It may seem to cross your mind that you can imagine things, that you could be creative

These idea were planted by the device. The device is designed to be compatible. The memory-thought interface will not present what you would rebel against, while the rest of the device presents a reality that is internally consistent. Think of a city you "remember" hold it in your head now think of a different city. Why did you think of the first city first and not the second city first?

Reader from your point of view you seem to stand at the crossroads of input and output. You may feel as if you are the author of your own thoughts and action, an agent acting of its own freewill. however no account of causality leave room for the reader's free will. Thoughts that seem to be self-generated, moods, and desires only spring into view as the device implants them. They move you or fail to move you for reasons, that from a subjective view are inscrutable

So reader what are you witnessing here? The device has placed you in a synthetic world where you are reading a debate on the ontological argument to vote on it, you may have a memory that you had read this before when voting was not an option... but you can recall the device implants memories to generate this world.
The world that you exist in, in reality, is identical to the synthetic possible world that con can imagine would be self consistent with the synthetic reality .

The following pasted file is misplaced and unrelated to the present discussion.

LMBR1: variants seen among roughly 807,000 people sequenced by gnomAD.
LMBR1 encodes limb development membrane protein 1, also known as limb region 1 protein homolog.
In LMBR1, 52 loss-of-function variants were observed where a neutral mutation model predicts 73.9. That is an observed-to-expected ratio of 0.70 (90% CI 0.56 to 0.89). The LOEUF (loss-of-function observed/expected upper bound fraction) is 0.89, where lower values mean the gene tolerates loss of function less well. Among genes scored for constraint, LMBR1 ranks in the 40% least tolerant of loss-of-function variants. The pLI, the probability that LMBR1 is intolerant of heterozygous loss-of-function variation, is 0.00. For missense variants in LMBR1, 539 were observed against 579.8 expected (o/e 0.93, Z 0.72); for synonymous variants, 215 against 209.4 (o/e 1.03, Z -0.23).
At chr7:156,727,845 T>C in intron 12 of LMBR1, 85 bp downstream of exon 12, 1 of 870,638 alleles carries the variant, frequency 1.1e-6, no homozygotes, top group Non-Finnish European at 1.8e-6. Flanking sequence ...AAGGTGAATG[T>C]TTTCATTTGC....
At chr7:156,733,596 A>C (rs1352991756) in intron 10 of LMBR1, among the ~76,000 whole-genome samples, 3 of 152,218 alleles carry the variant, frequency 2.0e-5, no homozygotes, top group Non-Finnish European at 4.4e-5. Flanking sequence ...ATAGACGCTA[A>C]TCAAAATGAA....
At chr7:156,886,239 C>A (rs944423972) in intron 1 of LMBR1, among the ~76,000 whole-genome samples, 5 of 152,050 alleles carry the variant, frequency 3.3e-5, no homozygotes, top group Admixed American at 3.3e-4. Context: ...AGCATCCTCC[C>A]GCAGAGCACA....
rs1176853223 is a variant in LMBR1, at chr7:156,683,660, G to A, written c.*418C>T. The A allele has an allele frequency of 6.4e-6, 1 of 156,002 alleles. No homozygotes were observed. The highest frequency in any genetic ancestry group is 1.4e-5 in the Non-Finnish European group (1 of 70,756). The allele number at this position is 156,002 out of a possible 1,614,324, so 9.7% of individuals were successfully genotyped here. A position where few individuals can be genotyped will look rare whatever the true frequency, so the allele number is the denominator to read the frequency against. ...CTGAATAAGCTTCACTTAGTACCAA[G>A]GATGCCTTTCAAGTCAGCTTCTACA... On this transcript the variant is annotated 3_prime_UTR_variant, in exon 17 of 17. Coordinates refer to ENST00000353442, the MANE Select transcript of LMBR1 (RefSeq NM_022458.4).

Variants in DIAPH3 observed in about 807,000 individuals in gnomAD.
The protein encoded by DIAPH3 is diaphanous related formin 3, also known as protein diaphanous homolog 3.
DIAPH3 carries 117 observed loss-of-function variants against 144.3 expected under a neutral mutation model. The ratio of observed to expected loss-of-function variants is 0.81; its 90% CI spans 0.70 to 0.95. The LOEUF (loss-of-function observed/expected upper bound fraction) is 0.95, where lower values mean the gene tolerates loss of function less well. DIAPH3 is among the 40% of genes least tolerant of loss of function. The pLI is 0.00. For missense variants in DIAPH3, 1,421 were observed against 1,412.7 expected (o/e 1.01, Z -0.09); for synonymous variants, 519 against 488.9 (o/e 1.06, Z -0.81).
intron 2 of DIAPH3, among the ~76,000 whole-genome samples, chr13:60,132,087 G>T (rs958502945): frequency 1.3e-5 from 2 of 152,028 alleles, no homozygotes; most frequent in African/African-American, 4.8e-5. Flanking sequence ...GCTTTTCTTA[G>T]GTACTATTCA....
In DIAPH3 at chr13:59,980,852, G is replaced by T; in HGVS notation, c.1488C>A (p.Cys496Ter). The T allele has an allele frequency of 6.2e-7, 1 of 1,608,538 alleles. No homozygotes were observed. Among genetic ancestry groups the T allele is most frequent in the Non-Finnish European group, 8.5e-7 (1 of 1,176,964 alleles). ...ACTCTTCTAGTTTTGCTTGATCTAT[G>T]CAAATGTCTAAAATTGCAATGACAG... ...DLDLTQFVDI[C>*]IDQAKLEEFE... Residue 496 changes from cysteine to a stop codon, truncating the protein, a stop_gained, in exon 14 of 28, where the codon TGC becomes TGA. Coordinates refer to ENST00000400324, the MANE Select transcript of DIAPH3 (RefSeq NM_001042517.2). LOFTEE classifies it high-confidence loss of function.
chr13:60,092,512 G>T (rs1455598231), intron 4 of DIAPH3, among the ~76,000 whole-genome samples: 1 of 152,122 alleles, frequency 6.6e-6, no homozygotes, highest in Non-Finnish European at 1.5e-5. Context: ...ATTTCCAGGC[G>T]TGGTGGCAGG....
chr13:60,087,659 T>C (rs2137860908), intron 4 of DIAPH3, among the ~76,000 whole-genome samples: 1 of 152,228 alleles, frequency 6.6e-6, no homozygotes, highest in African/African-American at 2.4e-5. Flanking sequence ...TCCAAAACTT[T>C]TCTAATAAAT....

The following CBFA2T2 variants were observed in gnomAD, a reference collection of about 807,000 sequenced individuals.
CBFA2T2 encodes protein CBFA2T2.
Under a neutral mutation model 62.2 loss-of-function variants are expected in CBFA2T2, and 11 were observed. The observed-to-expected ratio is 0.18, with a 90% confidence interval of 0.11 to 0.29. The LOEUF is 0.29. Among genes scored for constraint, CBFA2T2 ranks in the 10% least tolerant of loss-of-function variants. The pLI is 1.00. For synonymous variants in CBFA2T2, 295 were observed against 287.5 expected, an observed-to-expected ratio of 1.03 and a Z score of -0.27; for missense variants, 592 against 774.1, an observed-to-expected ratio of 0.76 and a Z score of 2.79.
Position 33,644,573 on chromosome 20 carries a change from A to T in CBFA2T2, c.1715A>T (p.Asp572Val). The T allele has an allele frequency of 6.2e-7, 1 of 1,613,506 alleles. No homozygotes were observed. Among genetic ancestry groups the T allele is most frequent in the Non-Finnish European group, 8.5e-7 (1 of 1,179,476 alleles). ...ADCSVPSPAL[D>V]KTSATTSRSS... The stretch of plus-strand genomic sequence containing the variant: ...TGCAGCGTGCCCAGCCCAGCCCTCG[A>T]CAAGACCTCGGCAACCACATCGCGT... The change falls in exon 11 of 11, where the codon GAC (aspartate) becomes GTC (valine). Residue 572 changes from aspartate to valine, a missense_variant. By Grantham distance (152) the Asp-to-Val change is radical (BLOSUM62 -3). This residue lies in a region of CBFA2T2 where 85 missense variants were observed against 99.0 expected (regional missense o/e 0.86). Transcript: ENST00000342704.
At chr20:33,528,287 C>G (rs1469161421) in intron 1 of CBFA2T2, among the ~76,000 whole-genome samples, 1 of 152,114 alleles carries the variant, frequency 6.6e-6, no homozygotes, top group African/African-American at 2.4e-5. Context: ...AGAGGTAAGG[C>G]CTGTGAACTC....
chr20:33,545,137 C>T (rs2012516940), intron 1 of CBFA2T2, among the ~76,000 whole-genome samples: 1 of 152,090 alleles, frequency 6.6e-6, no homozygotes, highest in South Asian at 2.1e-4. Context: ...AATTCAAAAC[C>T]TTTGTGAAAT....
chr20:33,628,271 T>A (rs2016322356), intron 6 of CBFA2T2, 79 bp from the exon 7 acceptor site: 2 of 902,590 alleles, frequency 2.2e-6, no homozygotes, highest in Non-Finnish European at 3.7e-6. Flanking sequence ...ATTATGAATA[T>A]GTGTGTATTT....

Pro has said, according to your memory "What Con mistakes is that my argument is predicated on imagination," As noted by con above, in this conceivable possible world only one being exists now, a being that can not imagine in this world. To ask B2 to conceive of a possible world one would be dealing with itself, the device . The device has just generated a possible world in cons post, in which only one being actually exists to suggest the ontological argument was true in this possible world would be to say 2 beings exist in this possible world which is noted as only having one being the current maximum beings existing. To say that currently 2 beings actually exist in this possible world would be to talk about a different world where 2 beings actually exist

"Therefore, Con's charge that it could both be true... is predicated on imagination potential, not potential of possibility. Hence his charge is a straw-man argument. "
Actually it would be the potential of possibilities. I had suggested and now presented a possible world in which the only existent beings are not MGB. the concept of a MGB that necessarily exists can exist with out actually being actualize. As Russell might argue it, "the essence of a person can be described and their existence still remain in question"

There is one question I must ask. It would seem to me that all powerful is only limited by what is counter-factual. Not having this idea in me till i read it what is your thoughts on
Himma claim "that omniscience and omnipotence may be incompatible: if God is omnipotent, then he should be able to create a being with free will; if he is omniscient, then he should know exactly what such a being will do (thus rendering them without free will). This analysis would render the ontological argument incoherent, as the characteristics required of a maximally great being cannot coexist in one being, thus such a being could not exist."